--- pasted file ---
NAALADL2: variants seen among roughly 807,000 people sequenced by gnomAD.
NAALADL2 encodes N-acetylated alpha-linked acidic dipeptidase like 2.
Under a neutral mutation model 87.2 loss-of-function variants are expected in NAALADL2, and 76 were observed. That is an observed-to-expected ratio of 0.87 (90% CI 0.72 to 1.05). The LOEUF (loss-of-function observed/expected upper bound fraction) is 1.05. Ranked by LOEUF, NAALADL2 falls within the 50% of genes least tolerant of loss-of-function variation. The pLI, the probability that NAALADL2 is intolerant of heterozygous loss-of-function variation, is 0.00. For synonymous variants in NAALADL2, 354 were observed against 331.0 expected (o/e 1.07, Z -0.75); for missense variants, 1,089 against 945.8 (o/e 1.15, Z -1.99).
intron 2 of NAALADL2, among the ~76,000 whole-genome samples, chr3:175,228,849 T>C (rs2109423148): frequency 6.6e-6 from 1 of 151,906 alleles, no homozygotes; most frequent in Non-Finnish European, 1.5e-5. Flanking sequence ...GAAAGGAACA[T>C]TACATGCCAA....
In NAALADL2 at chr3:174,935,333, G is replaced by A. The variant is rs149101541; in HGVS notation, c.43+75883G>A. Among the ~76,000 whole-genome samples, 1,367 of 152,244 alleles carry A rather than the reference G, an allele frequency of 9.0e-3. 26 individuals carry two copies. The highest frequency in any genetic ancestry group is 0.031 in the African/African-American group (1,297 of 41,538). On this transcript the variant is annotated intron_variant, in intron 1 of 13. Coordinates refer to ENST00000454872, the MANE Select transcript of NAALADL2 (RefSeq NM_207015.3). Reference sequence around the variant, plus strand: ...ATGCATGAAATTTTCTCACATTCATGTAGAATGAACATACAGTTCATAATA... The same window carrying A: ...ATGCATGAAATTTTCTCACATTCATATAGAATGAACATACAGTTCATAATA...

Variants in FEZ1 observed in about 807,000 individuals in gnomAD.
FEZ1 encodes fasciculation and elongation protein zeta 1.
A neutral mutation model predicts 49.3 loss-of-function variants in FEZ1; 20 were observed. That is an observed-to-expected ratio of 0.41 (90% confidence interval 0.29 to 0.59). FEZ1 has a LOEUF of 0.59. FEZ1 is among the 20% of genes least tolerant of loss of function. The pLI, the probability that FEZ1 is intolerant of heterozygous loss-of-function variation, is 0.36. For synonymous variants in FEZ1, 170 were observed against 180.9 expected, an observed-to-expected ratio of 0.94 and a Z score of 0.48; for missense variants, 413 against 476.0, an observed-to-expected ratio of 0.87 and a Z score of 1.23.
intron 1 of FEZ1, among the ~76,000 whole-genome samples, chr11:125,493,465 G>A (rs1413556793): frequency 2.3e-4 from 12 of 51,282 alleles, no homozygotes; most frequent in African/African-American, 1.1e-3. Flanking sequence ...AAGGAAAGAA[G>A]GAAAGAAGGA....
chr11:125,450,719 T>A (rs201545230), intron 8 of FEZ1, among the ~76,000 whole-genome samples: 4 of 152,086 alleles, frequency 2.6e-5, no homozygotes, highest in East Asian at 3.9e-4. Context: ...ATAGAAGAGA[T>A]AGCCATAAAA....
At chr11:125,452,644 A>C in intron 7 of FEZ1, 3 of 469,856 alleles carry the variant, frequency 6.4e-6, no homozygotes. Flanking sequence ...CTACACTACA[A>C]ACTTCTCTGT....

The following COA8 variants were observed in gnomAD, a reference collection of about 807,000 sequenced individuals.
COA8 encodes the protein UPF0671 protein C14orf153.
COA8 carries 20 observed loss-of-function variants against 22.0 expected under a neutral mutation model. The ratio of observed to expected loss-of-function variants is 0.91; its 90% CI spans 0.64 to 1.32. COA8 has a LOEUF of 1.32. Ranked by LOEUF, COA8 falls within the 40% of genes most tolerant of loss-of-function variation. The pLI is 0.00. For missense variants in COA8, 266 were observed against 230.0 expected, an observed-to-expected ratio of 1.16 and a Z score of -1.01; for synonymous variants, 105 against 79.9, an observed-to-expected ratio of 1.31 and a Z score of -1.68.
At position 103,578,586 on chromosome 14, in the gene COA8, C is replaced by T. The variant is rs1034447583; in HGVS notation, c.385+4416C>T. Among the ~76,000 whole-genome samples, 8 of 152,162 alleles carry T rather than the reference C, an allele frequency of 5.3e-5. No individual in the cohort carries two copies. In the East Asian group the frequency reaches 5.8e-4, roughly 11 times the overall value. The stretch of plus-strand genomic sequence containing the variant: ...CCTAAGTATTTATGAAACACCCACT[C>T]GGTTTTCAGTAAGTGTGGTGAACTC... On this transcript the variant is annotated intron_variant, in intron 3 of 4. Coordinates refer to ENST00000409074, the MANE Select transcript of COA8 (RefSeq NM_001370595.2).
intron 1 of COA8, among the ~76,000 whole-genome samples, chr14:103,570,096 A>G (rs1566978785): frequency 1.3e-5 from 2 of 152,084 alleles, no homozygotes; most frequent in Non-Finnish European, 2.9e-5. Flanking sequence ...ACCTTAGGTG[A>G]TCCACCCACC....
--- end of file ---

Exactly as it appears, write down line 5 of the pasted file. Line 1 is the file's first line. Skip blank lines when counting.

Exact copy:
In NAALADL2 at chr3:174,935,333, G is replaced by A. The variant is rs149101541; in HGVS notation, c.43+75883G>A. Among the ~76,000 whole-genome samples, 1,367 of 152,244 alleles carry A rather than the reference G, an allele frequency of 9.0e-3. 26 individuals carry two copies. The highest frequency in any genetic ancestry group is 0.031 in the African/African-American group (1,297 of 41,538). On this transcript the variant is annotated intron_variant, in intron 1 of 13. Coordinates refer to ENST00000454872, the MANE Select transcript of NAALADL2 (RefSeq NM_207015.3). Reference sequence around the variant, plus strand: ...ATGCATGAAATTTTCTCACATTCATGTAGAATGAACATACAGTTCATAATA... The same window carrying A: ...ATGCATGAAATTTTCTCACATTCATATAGAATGAACATACAGTTCATAATA...